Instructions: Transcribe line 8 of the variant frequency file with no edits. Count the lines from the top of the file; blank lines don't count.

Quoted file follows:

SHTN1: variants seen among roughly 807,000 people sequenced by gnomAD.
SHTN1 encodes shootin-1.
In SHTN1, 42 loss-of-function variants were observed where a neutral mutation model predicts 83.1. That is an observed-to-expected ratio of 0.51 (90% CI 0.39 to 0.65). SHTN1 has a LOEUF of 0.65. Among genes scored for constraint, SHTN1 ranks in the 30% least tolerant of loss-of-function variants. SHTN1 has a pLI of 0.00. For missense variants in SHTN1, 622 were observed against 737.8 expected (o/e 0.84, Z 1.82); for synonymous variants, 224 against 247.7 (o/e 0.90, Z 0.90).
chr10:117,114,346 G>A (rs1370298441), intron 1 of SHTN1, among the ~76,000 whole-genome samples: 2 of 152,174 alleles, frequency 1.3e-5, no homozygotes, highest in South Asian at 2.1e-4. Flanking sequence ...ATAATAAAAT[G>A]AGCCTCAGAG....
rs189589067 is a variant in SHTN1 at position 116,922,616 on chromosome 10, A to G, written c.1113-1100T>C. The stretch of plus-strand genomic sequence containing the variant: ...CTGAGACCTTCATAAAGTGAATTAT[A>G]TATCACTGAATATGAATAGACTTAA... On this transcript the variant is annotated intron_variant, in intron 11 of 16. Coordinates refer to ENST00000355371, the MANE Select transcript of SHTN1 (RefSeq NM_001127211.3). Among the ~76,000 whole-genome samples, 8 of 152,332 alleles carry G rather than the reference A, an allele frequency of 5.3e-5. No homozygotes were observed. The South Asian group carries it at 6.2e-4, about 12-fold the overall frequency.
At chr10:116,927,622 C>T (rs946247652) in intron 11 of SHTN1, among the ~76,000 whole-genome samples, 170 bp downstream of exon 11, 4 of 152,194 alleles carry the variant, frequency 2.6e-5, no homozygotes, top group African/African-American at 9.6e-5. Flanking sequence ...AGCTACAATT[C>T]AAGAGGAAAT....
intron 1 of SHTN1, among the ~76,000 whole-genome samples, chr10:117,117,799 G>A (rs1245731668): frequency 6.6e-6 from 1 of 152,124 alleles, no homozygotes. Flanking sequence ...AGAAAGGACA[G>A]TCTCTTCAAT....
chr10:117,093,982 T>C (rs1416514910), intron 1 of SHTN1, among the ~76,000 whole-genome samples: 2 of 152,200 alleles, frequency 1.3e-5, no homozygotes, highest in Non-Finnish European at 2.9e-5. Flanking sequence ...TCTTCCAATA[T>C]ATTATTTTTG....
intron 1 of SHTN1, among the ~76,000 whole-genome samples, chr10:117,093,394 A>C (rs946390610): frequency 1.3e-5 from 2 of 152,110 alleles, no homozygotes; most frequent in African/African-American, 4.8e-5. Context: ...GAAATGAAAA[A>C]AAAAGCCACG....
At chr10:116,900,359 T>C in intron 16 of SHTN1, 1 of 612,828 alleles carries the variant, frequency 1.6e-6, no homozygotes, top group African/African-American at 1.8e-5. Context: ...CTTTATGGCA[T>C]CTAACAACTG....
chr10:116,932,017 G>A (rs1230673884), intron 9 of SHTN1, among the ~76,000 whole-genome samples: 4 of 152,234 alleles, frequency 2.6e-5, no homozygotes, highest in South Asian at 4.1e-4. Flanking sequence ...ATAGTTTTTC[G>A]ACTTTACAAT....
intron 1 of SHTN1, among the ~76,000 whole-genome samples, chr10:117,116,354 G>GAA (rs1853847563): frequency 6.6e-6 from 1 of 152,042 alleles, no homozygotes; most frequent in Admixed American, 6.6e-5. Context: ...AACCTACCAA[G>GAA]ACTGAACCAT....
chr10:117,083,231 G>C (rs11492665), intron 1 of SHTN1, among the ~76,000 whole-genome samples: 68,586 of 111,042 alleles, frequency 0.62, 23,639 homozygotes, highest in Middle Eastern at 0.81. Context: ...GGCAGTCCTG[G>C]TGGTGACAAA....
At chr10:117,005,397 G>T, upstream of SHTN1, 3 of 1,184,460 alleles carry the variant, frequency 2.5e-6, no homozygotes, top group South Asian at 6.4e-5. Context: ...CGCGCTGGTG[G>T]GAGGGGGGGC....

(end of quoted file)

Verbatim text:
chr10:117,093,982 T>C (rs1416514910), intron 1 of SHTN1, among the ~76,000 whole-genome samples: 2 of 152,200 alleles, frequency 1.3e-5, no homozygotes, highest in Non-Finnish European at 2.9e-5. Flanking sequence ...TCTTCCAATA[T>C]ATTATTTTTG....